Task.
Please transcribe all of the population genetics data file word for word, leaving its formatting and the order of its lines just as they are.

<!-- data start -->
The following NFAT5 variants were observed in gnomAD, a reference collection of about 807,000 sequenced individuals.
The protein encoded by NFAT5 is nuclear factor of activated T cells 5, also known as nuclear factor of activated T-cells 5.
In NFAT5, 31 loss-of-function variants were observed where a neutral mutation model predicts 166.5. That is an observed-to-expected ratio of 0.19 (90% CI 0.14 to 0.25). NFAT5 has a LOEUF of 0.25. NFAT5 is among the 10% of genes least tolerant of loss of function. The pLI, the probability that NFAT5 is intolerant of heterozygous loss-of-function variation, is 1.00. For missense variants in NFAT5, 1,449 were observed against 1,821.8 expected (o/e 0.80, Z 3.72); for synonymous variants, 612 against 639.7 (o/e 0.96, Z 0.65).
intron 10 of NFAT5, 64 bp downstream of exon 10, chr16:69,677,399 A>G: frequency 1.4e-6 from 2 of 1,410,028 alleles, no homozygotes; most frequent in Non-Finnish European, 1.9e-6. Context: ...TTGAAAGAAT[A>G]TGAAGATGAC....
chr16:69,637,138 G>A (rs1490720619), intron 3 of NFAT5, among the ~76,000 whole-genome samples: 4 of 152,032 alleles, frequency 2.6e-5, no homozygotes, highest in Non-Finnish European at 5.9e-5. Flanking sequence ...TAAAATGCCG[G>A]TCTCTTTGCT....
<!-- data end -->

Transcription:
The following NFAT5 variants were observed in gnomAD, a reference collection of about 807,000 sequenced individuals.
The protein encoded by NFAT5 is nuclear factor of activated T cells 5, also known as nuclear factor of activated T-cells 5.
In NFAT5, 31 loss-of-function variants were observed where a neutral mutation model predicts 166.5. That is an observed-to-expected ratio of 0.19 (90% CI 0.14 to 0.25). NFAT5 has a LOEUF of 0.25. NFAT5 is among the 10% of genes least tolerant of loss of function. The pLI, the probability that NFAT5 is intolerant of heterozygous loss-of-function variation, is 1.00. For missense variants in NFAT5, 1,449 were observed against 1,821.8 expected (o/e 0.80, Z 3.72); for synonymous variants, 612 against 639.7 (o/e 0.96, Z 0.65).
intron 10 of NFAT5, 64 bp downstream of exon 10, chr16:69,677,399 A>G: frequency 1.4e-6 from 2 of 1,410,028 alleles, no homozygotes; most frequent in Non-Finnish European, 1.9e-6. Context: ...TTGAAAGAAT[A>G]TGAAGATGAC....
chr16:69,637,138 G>A (rs1490720619), intron 3 of NFAT5, among the ~76,000 whole-genome samples: 4 of 152,032 alleles, frequency 2.6e-5, no homozygotes, highest in Non-Finnish European at 5.9e-5. Flanking sequence ...TAAAATGCCG[G>A]TCTCTTTGCT....